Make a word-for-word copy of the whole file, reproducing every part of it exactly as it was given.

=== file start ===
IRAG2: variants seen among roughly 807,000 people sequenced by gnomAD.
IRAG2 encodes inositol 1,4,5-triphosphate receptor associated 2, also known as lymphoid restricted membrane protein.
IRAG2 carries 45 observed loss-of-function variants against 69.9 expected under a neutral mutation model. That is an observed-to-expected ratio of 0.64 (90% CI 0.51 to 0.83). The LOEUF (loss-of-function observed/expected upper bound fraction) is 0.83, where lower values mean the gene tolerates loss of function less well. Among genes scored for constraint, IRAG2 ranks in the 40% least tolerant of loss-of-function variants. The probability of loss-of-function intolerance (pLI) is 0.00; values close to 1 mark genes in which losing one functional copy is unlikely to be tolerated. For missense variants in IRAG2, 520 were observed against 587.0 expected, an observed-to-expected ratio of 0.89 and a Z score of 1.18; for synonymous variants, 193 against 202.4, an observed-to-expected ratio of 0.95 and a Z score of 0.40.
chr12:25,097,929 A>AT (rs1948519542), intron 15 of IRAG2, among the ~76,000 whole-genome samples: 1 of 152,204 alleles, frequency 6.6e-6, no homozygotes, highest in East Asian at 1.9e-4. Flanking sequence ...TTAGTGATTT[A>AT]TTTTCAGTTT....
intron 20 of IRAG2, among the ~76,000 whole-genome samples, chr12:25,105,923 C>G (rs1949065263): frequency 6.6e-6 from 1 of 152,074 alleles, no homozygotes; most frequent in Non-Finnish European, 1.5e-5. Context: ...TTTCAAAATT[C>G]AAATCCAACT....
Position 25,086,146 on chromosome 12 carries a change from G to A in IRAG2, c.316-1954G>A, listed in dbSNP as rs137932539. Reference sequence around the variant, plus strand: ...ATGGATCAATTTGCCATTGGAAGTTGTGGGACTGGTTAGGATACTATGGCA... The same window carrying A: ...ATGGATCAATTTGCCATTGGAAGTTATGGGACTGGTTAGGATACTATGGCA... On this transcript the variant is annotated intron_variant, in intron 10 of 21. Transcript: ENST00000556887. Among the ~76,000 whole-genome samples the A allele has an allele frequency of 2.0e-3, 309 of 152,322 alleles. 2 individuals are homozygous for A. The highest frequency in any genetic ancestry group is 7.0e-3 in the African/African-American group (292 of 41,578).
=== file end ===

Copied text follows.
IRAG2: variants seen among roughly 807,000 people sequenced by gnomAD.
IRAG2 encodes inositol 1,4,5-triphosphate receptor associated 2, also known as lymphoid restricted membrane protein.
IRAG2 carries 45 observed loss-of-function variants against 69.9 expected under a neutral mutation model. That is an observed-to-expected ratio of 0.64 (90% CI 0.51 to 0.83). The LOEUF (loss-of-function observed/expected upper bound fraction) is 0.83, where lower values mean the gene tolerates loss of function less well. Among genes scored for constraint, IRAG2 ranks in the 40% least tolerant of loss-of-function variants. The probability of loss-of-function intolerance (pLI) is 0.00; values close to 1 mark genes in which losing one functional copy is unlikely to be tolerated. For missense variants in IRAG2, 520 were observed against 587.0 expected, an observed-to-expected ratio of 0.89 and a Z score of 1.18; for synonymous variants, 193 against 202.4, an observed-to-expected ratio of 0.95 and a Z score of 0.40.
chr12:25,097,929 A>AT (rs1948519542), intron 15 of IRAG2, among the ~76,000 whole-genome samples: 1 of 152,204 alleles, frequency 6.6e-6, no homozygotes, highest in East Asian at 1.9e-4. Flanking sequence ...TTAGTGATTT[A>AT]TTTTCAGTTT....
intron 20 of IRAG2, among the ~76,000 whole-genome samples, chr12:25,105,923 C>G (rs1949065263): frequency 6.6e-6 from 1 of 152,074 alleles, no homozygotes; most frequent in Non-Finnish European, 1.5e-5. Context: ...TTTCAAAATT[C>G]AAATCCAACT....
Position 25,086,146 on chromosome 12 carries a change from G to A in IRAG2, c.316-1954G>A, listed in dbSNP as rs137932539. Reference sequence around the variant, plus strand: ...ATGGATCAATTTGCCATTGGAAGTTGTGGGACTGGTTAGGATACTATGGCA... The same window carrying A: ...ATGGATCAATTTGCCATTGGAAGTTATGGGACTGGTTAGGATACTATGGCA... On this transcript the variant is annotated intron_variant, in intron 10 of 21. Transcript: ENST00000556887. Among the ~76,000 whole-genome samples the A allele has an allele frequency of 2.0e-3, 309 of 152,322 alleles. 2 individuals are homozygous for A. The highest frequency in any genetic ancestry group is 7.0e-3 in the African/African-American group (292 of 41,578).